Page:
SPORTS Personality Of The Year.
A multi-layered orgy of self congratulation, a celebration of the best of the sporting world’s achievements or a bit of both?
To watch or listen to the BBC you could be forgiven for thinking that they invented, organised and actually competed in the 2012 Olympic Games.
And every other sport, come to think of it.
The summer-long BBC gloating at the corporation’s unfettered access to Olympians and all competitions doesn’t seem any more appropriate now than it did in August.
But those sparkling five gold rings have not been forgotten by Christmas as cynics predicted.
No matter how smug some might be about their role and their perceived place at the heart of Olympic history you have to admit that the BBC’s coverage was absolutely sensational.
Sunday night’s highlights, superstars and pyrotechnics - its grandeur even surpassing the SPOTY that took place at Sheffield Arena three years ago - will have cost an absolute fortune.
Years in the planning, manned to within an inch of its life, the annual extravaganza has become a big hitter at the top of TV’s established agenda.
Situated status-wise somewhere between Panorama and Strictly Come Dancing SPOTY manages to fuse real-life sporting heroism with fantasy frocks, the sweat and grunt of the action with smart suits and plunging necklines.
Knock it all you like but what other programme can have you reaching for tissues every 10 minutes to wipe away tears of joy?
We re-live the noise, the colour and the absolute best of human endeavour as the glorious see their moments of triumph replayed.
The drama and excellence of sport at this level is simply irresistible, draining our emotions one minute, raising us to the stars the next.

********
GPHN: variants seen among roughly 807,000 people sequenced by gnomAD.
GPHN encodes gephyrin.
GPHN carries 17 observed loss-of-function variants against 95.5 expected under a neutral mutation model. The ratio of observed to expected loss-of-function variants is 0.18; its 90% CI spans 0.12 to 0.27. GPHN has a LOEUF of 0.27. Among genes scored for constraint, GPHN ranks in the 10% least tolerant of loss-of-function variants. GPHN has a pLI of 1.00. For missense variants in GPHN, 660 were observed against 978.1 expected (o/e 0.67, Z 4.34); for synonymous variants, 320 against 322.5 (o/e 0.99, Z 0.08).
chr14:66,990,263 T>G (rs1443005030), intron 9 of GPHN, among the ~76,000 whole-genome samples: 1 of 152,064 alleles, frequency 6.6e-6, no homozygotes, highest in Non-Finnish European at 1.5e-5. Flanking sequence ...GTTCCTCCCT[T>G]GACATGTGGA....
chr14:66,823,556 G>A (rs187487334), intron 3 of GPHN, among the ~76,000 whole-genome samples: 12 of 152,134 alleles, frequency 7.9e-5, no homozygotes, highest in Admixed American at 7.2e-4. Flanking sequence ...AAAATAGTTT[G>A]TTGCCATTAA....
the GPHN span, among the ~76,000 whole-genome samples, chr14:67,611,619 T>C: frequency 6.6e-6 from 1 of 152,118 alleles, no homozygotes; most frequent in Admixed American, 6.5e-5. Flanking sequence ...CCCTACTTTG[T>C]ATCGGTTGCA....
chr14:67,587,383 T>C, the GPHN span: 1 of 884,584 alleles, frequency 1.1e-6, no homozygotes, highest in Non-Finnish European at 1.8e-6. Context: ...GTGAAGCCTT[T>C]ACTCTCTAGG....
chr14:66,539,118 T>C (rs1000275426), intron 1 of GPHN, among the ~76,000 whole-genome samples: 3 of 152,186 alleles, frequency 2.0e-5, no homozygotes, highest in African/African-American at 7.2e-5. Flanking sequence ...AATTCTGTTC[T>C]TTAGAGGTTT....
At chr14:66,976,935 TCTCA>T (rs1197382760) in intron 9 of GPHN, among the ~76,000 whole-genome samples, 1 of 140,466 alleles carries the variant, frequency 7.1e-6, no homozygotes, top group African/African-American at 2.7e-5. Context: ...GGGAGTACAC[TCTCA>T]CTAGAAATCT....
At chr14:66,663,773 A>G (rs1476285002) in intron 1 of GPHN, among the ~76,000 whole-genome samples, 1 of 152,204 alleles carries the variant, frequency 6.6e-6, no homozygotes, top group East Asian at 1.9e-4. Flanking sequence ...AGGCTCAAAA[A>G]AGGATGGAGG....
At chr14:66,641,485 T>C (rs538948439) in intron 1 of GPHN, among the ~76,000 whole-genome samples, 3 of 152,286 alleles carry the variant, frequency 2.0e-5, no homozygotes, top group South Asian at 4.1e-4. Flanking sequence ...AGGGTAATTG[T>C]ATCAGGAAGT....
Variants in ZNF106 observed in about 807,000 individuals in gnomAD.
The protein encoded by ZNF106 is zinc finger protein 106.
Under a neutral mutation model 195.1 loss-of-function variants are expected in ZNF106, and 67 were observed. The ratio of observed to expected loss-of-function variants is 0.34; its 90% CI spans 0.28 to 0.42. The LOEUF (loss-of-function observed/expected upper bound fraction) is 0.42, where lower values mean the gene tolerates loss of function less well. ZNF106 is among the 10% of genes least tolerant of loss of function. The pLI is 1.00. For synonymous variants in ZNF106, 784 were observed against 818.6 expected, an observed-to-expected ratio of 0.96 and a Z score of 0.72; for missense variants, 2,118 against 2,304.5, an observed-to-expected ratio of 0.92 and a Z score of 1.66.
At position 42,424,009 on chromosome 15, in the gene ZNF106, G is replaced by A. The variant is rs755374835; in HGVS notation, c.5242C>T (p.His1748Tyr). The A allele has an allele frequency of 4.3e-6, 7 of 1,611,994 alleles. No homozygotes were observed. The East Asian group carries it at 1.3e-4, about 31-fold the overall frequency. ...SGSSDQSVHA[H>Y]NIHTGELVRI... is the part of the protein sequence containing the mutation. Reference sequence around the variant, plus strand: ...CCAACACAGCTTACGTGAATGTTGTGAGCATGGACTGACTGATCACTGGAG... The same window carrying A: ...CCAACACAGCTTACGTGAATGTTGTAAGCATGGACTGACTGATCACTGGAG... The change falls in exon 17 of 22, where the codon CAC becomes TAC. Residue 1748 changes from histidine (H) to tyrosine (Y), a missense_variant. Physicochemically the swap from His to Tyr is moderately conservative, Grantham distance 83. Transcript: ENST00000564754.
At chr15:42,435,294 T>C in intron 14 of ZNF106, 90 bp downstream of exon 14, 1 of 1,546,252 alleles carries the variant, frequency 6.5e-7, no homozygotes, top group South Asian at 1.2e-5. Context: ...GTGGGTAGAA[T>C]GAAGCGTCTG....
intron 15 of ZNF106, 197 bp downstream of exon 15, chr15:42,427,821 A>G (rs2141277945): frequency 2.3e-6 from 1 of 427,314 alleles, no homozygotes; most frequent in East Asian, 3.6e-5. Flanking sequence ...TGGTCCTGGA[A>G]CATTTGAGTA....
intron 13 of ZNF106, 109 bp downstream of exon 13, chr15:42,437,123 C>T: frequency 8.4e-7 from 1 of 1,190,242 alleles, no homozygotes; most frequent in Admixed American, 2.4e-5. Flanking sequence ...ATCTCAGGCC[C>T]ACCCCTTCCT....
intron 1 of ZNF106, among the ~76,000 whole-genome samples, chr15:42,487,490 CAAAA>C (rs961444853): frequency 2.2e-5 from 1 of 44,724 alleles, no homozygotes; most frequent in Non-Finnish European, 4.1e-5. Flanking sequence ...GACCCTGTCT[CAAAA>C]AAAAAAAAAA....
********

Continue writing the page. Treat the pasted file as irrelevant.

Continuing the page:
Victorian Britain was responsible for the creation of many institutions and practices that still shape our lives today, some for good others less so, according to one’s persuasion and politics.
But they didn’t half hit the jackpot when it came to sport.
Though some might decry its ultra-competitive nature and others see a million things we might better spend the money on, the organisation and codification of sport started in the often priveleged fields of Britain in the 18th and 19th centuries and created some of the most powerful social and financial forces on earth.
We did that.
For all our bewhiskered pomposity and children-up-chimneys darkness, Britain gave the world organised football, golf, rugby union, cricket, tennis, athletics and hockey as rules and codes were applied in a way only the fastidious, bossy and brash Victorians could.
Now the BBC, in many ways the hierarchical descendants of some of the great 19th century corporations, brings us the modern action from all those sports, just part of the beeb’s force for civilisation that gives this country a common identity and social agenda many other nations lack.
Some see that agenda as part of the political control of the country, others as an emblem of our freedom. You pays your licence fee, you takes your choice.
But the BBC and SPOTY are part of our culture.
Here’s to the flawed brilliance of both.